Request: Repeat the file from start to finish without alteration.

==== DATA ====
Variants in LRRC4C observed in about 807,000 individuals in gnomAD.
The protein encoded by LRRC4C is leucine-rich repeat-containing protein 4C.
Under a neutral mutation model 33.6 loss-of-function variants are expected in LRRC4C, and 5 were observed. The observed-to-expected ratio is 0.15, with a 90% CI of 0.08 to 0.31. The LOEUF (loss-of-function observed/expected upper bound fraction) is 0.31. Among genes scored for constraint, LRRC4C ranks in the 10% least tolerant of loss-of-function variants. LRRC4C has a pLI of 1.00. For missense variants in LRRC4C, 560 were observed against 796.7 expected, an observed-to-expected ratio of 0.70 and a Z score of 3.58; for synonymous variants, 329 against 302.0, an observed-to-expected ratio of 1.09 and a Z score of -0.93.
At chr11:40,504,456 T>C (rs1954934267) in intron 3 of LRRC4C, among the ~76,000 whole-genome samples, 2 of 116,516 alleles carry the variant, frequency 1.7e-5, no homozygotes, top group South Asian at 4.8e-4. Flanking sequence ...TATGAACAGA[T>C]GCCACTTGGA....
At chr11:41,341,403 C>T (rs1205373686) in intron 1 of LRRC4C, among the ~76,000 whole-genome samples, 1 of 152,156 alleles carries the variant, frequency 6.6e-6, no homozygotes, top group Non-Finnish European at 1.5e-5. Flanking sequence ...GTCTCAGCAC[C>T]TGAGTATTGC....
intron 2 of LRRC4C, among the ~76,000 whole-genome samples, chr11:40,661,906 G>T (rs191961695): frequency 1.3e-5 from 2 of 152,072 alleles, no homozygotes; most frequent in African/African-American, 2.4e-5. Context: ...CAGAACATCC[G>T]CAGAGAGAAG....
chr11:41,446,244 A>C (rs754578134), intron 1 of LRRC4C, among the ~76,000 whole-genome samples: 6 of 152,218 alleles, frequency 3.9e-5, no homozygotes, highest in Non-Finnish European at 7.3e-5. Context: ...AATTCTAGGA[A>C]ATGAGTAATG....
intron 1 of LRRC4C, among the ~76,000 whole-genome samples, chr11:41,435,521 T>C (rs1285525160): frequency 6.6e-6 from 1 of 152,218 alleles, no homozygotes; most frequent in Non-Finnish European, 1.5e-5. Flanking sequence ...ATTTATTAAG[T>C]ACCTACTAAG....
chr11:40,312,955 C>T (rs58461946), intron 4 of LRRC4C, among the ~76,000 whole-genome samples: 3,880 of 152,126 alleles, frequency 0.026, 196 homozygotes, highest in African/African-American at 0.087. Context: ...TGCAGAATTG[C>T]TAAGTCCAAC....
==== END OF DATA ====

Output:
Variants in LRRC4C observed in about 807,000 individuals in gnomAD.
The protein encoded by LRRC4C is leucine-rich repeat-containing protein 4C.
Under a neutral mutation model 33.6 loss-of-function variants are expected in LRRC4C, and 5 were observed. The observed-to-expected ratio is 0.15, with a 90% CI of 0.08 to 0.31. The LOEUF (loss-of-function observed/expected upper bound fraction) is 0.31. Among genes scored for constraint, LRRC4C ranks in the 10% least tolerant of loss-of-function variants. LRRC4C has a pLI of 1.00. For missense variants in LRRC4C, 560 were observed against 796.7 expected, an observed-to-expected ratio of 0.70 and a Z score of 3.58; for synonymous variants, 329 against 302.0, an observed-to-expected ratio of 1.09 and a Z score of -0.93.
At chr11:40,504,456 T>C (rs1954934267) in intron 3 of LRRC4C, among the ~76,000 whole-genome samples, 2 of 116,516 alleles carry the variant, frequency 1.7e-5, no homozygotes, top group South Asian at 4.8e-4. Flanking sequence ...TATGAACAGA[T>C]GCCACTTGGA....
At chr11:41,341,403 C>T (rs1205373686) in intron 1 of LRRC4C, among the ~76,000 whole-genome samples, 1 of 152,156 alleles carries the variant, frequency 6.6e-6, no homozygotes, top group Non-Finnish European at 1.5e-5. Flanking sequence ...GTCTCAGCAC[C>T]TGAGTATTGC....
intron 2 of LRRC4C, among the ~76,000 whole-genome samples, chr11:40,661,906 G>T (rs191961695): frequency 1.3e-5 from 2 of 152,072 alleles, no homozygotes; most frequent in African/African-American, 2.4e-5. Context: ...CAGAACATCC[G>T]CAGAGAGAAG....
chr11:41,446,244 A>C (rs754578134), intron 1 of LRRC4C, among the ~76,000 whole-genome samples: 6 of 152,218 alleles, frequency 3.9e-5, no homozygotes, highest in Non-Finnish European at 7.3e-5. Context: ...AATTCTAGGA[A>C]ATGAGTAATG....
intron 1 of LRRC4C, among the ~76,000 whole-genome samples, chr11:41,435,521 T>C (rs1285525160): frequency 6.6e-6 from 1 of 152,218 alleles, no homozygotes; most frequent in Non-Finnish European, 1.5e-5. Flanking sequence ...ATTTATTAAG[T>C]ACCTACTAAG....
chr11:40,312,955 C>T (rs58461946), intron 4 of LRRC4C, among the ~76,000 whole-genome samples: 3,880 of 152,126 alleles, frequency 0.026, 196 homozygotes, highest in African/African-American at 0.087. Context: ...TGCAGAATTG[C>T]TAAGTCCAAC....